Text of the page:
If you're a regular Facebook customer, you've probably seen your share of ads for some "amazing" tech products that have "blown away" users and are now on sale for "incredible prices."
In most cases, these ads are accompanied by some pretty responsive videos and a hard to skip "buy now" button.
My advice: Think before you knock. Not all of these products are new, unique to Facebook or especially good deals.
Hey, I know this drone
Recently, for example, I discovered an ad (top) that offered "The Ultimate Gadget" ̵
In addition, around 35,000 Facebook users had "liked", "loved", or "enthusiastic" this post. Sure, that must be an incredible deal.
Curious, I checked to see the price and landed at the counter at Cyber Deal Today. Its 50 percent price for the drone: $ 89.99
With all the features and the admittedly impressive demo video accompanying the ad, this could actually be a good thing.
That's not it. I know Baby Elfie offers. I shared Baby Elfie offers. This, sir, is not a baby elfie deal. In fact, look no further than Amazon and you can find this exact drone – bundled under its full name, the JJRC H37 Baby Elfie – with two extra batteries and a carrying case for only $ 48
What's going on here? Marketing, plain and simple. Cyber Deal Daily created an effective Facebook ad for a product that seems like a good buy to the uninformed. And when you see the "normal" price drop from $ 179.99 to $ 89.99, you can not help thinking that you're making an incredible deal.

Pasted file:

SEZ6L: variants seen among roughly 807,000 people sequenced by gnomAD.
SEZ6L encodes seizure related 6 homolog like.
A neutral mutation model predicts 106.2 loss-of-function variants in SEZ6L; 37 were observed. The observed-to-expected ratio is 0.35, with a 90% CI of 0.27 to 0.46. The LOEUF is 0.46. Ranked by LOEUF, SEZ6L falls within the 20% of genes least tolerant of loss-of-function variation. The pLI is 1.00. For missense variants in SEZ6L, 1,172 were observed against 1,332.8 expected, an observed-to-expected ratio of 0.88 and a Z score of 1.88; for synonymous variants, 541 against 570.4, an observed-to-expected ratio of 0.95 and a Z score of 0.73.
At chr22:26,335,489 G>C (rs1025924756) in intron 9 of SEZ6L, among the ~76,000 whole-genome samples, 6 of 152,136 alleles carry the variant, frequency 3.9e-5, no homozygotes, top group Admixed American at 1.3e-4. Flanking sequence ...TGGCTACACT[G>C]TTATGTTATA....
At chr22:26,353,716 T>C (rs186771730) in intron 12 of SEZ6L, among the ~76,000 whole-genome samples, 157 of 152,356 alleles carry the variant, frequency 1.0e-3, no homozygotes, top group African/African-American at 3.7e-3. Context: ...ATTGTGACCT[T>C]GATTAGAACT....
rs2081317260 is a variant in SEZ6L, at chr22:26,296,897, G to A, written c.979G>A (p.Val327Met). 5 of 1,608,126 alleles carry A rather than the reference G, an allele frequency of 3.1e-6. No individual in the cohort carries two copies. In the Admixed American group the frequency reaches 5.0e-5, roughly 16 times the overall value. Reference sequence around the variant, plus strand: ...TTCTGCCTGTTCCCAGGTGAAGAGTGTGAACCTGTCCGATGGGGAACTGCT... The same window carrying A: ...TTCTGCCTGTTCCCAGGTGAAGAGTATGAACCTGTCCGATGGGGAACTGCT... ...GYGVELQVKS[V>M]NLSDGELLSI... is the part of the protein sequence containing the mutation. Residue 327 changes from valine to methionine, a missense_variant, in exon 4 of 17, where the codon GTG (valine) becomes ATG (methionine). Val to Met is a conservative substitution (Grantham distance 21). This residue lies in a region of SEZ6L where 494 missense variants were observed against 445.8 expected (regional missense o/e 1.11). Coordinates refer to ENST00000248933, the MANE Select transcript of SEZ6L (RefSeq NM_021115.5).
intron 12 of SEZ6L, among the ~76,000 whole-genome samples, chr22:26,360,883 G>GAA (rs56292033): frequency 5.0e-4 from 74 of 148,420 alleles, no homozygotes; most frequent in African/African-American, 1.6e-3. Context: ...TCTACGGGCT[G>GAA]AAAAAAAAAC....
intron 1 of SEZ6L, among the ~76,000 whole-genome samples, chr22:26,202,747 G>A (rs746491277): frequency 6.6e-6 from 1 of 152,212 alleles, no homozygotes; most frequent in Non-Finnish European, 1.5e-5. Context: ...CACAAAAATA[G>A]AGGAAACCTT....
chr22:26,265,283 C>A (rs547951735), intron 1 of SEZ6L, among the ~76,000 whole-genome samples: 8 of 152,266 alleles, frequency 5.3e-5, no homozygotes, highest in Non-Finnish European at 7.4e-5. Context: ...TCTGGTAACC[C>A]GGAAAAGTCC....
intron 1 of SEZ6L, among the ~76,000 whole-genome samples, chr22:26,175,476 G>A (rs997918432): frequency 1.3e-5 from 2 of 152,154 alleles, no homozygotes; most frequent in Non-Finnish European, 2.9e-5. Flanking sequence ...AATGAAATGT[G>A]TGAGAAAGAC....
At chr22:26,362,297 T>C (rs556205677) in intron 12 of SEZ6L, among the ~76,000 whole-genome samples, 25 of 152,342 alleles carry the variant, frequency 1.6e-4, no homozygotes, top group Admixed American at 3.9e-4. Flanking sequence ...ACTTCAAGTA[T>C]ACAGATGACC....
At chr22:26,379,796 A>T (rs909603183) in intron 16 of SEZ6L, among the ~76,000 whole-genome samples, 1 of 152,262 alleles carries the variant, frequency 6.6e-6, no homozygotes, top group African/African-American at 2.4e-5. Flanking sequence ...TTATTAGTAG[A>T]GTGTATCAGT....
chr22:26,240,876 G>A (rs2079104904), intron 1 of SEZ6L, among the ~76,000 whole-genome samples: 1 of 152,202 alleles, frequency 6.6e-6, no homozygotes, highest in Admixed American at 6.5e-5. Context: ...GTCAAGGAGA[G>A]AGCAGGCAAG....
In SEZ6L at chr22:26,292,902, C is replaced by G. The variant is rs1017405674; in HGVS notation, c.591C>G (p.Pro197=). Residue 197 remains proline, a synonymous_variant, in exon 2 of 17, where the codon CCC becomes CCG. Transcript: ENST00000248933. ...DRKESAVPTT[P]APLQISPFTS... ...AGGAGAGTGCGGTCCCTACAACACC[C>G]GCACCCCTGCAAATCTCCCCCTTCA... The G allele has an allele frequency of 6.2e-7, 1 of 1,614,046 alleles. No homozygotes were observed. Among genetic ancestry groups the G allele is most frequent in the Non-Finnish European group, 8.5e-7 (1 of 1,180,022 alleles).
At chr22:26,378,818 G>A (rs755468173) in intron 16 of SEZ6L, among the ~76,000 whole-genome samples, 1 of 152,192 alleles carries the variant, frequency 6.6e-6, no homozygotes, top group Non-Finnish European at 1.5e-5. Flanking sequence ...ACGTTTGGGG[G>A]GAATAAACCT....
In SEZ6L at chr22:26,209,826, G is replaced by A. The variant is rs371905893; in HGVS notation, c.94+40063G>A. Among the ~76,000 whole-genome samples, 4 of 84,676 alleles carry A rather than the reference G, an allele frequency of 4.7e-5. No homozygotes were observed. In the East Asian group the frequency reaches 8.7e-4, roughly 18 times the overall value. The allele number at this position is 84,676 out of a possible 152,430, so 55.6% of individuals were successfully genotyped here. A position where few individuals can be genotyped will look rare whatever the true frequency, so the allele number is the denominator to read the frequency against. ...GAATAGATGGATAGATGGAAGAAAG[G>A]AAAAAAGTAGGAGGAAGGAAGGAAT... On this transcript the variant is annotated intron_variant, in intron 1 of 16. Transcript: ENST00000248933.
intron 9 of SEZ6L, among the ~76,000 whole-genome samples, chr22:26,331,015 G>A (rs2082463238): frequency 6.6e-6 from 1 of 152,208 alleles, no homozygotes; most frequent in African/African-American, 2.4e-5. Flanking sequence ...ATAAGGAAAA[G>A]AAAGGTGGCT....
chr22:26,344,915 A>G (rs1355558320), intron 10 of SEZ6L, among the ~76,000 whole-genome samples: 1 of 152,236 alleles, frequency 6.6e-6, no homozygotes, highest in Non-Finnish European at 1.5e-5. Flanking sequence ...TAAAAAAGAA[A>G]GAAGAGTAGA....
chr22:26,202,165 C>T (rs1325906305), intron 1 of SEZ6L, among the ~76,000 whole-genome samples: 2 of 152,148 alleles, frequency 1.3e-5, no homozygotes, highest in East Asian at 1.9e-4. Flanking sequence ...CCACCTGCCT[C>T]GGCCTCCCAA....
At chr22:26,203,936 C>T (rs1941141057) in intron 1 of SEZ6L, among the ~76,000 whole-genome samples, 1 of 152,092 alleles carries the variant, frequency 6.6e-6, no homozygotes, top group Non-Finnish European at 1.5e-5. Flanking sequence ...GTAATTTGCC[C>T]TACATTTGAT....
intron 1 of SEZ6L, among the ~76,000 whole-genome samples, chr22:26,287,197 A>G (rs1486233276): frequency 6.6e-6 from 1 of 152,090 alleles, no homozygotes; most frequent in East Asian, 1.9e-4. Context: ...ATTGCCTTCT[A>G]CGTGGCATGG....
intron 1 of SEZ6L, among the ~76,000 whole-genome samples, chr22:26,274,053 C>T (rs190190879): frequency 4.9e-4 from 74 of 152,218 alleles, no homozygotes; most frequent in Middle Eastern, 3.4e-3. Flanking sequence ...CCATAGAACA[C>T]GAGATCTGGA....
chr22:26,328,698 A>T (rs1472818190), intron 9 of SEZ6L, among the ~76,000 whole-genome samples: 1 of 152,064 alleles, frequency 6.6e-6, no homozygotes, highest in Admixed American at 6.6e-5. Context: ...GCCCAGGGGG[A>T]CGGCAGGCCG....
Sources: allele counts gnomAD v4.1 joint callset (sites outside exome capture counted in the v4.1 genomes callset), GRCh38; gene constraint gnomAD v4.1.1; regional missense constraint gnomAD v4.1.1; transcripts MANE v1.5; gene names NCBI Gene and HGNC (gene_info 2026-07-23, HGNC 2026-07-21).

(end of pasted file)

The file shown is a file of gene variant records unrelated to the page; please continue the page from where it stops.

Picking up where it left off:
Note for yourself: Make a Facebook ad for a cool tech gadget, load double, retire to the tropical island.
I've seen similar ads and videos for other gadget products: LED valve caps, dashboard phone mounts and so on. In any case, the Facebook seller has charged more than you would otherwise pay, at least if you buy something.
For example, the NATO mount is a universal dashboard mount with a self-adhesive magnetic plate and two steel plates that you attach to the back of your phone (or in your case). Price for one: $ 19.99. I checked Amazon for the same product and, in fact, it was there $ 19.99 too.
But the NATO mount is virtually identical to dozens of similar products – including that of WizGear, which sells for $ 8.99.
The LED Valve Caps? A Facebook seller charges $ 21.99 for a set of six; Without breaking a sweat, I found a 20-pack (!) Of the exact same product for $ 15.99.
So, yeah: The moral of the story is, if you see something that you like on a Facebook ad, do not let the breathless enthusiasm ("This product has changed my life!") Or claims of total novelty influence. Instead, look up other online stores and look for the same thing. Chances are you'll find it, and probably for a lot less.
: Follow Rick's Incredible Daily Business Here at CNET
Originally posted on April 25, 2017.
Update, August 8 : New information added.